E.g. The boy seems to be as clever as his mother. – Boy and mother belong to the same class of objects (human beings/family).
To use a simile is to characterize one object by bringing it into contact with another object belonging to an entirely different class of things.
E.g. Maidens, like moths, are ever caught by glare (Byron) – Maidens and moths belong to heterogeneous classes of objects. One concept is characterized (maidens), the other characterizes (moths). The object characterized is seen in quite a new and unexpected light, meaning that young women are easily lured.
"The snow was like a blanket". However, "The snow blanketed the earth" is also a simile and not a metaphor because the verb blanketed is a shortened form of the phrase covered like a blanket. A few other examples are "The deer ran like the wind", "In terms of beauty, she was every bit Cleopatra's match", and "the lullaby was like the hush of the winter."
Similes are composed of two parts: comparandum, the thing to be compared, and the comparatum, the thing to which the comparison is made. For example in the simile "The snow was like a blanket", "the snow" is the comparandum while "a blanket" is the comparatum.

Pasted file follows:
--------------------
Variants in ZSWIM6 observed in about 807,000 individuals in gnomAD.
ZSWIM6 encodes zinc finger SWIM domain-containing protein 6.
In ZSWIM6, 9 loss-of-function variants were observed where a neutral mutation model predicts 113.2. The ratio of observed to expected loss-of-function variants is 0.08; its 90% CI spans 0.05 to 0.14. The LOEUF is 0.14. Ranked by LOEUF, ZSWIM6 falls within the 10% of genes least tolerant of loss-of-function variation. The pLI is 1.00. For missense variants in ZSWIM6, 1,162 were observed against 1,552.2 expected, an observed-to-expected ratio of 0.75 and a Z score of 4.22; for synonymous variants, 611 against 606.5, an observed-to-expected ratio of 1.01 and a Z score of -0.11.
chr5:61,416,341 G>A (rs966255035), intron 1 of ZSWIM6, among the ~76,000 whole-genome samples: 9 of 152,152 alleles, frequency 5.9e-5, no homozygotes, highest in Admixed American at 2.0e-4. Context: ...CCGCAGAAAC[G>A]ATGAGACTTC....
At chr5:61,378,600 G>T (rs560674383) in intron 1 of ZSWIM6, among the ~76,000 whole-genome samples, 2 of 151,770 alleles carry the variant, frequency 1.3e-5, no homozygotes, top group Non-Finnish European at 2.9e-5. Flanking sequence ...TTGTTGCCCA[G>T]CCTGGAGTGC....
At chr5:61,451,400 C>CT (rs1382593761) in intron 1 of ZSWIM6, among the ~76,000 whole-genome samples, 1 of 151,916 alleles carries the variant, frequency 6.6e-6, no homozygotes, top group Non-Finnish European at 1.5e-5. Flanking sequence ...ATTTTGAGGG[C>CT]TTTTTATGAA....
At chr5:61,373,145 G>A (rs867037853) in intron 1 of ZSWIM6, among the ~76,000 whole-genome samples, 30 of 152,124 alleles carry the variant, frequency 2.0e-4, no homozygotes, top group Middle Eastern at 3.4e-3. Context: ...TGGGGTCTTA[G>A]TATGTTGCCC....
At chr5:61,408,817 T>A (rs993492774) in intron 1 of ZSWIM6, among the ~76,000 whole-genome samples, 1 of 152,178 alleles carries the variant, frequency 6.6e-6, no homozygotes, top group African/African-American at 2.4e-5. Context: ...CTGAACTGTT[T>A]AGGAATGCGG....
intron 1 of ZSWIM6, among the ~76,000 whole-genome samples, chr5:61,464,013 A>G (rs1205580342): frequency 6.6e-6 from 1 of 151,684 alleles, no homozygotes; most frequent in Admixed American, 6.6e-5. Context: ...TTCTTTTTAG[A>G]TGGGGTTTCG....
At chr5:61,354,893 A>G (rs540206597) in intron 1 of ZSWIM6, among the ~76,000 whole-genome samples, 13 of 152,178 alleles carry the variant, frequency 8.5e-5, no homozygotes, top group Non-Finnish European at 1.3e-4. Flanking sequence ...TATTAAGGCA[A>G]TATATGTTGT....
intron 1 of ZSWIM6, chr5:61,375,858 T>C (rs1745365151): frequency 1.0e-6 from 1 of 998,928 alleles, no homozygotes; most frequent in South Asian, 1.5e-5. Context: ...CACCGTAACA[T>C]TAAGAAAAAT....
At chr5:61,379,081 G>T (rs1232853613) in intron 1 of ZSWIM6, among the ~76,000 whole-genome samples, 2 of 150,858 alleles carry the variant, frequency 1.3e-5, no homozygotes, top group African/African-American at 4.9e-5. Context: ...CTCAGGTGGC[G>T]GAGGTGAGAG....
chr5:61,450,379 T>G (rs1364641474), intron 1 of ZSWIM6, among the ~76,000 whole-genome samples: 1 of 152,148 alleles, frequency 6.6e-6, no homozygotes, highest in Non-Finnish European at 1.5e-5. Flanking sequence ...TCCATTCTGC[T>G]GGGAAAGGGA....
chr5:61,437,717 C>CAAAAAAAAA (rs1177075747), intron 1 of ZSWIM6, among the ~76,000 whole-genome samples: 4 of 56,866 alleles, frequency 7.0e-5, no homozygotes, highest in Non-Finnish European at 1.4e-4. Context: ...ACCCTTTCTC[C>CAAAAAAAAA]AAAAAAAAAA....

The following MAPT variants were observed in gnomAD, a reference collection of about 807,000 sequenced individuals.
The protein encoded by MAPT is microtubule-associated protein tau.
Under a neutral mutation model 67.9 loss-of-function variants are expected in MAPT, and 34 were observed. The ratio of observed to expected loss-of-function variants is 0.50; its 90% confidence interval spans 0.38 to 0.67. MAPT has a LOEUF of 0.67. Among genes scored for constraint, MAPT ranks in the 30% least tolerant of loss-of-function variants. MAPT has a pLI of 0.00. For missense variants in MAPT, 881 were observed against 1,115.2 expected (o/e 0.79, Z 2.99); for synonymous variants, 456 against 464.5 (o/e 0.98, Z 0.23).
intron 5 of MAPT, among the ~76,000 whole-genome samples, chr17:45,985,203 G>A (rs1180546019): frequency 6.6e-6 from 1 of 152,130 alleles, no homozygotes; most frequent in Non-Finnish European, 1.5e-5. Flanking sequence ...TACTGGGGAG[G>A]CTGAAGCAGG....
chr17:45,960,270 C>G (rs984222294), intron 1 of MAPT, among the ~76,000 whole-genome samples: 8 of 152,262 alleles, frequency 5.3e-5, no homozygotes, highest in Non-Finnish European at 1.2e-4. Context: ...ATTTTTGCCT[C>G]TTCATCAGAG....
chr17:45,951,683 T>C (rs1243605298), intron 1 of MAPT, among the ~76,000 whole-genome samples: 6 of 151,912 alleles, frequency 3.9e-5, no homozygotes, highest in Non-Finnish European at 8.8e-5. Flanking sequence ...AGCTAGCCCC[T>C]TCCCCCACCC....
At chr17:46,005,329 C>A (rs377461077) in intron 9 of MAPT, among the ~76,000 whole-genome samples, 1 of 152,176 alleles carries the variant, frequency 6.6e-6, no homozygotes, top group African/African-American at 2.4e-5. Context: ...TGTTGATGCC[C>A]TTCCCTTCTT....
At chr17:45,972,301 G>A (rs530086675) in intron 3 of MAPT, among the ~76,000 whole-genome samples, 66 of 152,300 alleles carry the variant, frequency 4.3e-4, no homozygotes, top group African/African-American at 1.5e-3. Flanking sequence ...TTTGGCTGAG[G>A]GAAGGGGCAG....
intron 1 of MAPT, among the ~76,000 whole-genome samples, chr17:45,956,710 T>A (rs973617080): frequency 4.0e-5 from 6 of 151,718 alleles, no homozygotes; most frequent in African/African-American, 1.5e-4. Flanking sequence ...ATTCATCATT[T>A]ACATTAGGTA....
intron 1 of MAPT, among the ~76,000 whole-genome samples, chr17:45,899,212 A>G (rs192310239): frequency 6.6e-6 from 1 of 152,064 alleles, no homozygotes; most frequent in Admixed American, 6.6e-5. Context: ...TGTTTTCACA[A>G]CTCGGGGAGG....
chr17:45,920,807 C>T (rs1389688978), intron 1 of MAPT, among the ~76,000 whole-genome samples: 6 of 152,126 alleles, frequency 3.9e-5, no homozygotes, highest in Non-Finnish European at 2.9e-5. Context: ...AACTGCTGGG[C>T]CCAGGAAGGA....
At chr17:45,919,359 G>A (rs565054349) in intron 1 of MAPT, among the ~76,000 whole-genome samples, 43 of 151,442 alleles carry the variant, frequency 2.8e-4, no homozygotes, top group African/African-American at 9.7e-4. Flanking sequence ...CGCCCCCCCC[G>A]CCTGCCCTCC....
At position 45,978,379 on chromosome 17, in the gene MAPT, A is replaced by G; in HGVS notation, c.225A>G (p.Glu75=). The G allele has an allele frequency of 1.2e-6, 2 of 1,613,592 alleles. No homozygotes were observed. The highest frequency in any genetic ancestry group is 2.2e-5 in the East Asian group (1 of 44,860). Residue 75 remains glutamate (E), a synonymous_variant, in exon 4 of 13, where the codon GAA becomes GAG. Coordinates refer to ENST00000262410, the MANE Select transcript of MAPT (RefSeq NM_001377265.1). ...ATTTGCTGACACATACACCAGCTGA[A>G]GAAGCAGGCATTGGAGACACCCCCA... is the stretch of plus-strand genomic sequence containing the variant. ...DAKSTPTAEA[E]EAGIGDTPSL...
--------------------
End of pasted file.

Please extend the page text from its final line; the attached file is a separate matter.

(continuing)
The phrase "The snow was a blanket over the earth" is a metaphor. Metaphors differ from similes in that the two objects are not compared, but treated as identical, "We are but a moment's sunlight, fading in the grass." Note: Some would argue that a simile is actually a specific type of metaphor. See Joseph Kelly's The Seagull Reader (2005), pages 377-379.
B. Metaphor is also based on the similarity of two objects or concepts mostly unassociated, but there is no suggestion or comparison either expressed or implied. The name is transferred from one object to another with which it is completely identified. One concept ousts the other which remains in the background lending its qualities to the image created.
Metaphor (from French via Latin from Greek metaphora “transference”) is transference of some quality from one object to another. In a metaphor a word or phrase is transferred from one context to another creating a vivid association, e.g he fell through a trapdoor of depression (Oxford Dictionary of Word Histories).
I.R. Galperin states that ‘metaphor is the power of realizing two lexical meanings simultaneously’. Due to the power this SD is the most potent means of creating images.
Metaphors (according to their degree of novelty)
genuine trite (dead)
The aspect of novelty characterizes genuine metaphors. They are absolutely unexpected, e.g. Dear Nature is the kindest Mother still (Byron). Genuine metaphors are mostly to be found in poetry and emotive prose.
Through frequent use they lose this quality and become trite metaphors, thus enriching the vocabulary with new metaphorical meanings of words. They are commonly used in speech, and their predictability is apparent, e.g. a ray of hope, floods of tears. Trite metaphors are generally used as expressive means in newspaper articles, in oratorical style and even in scientific language.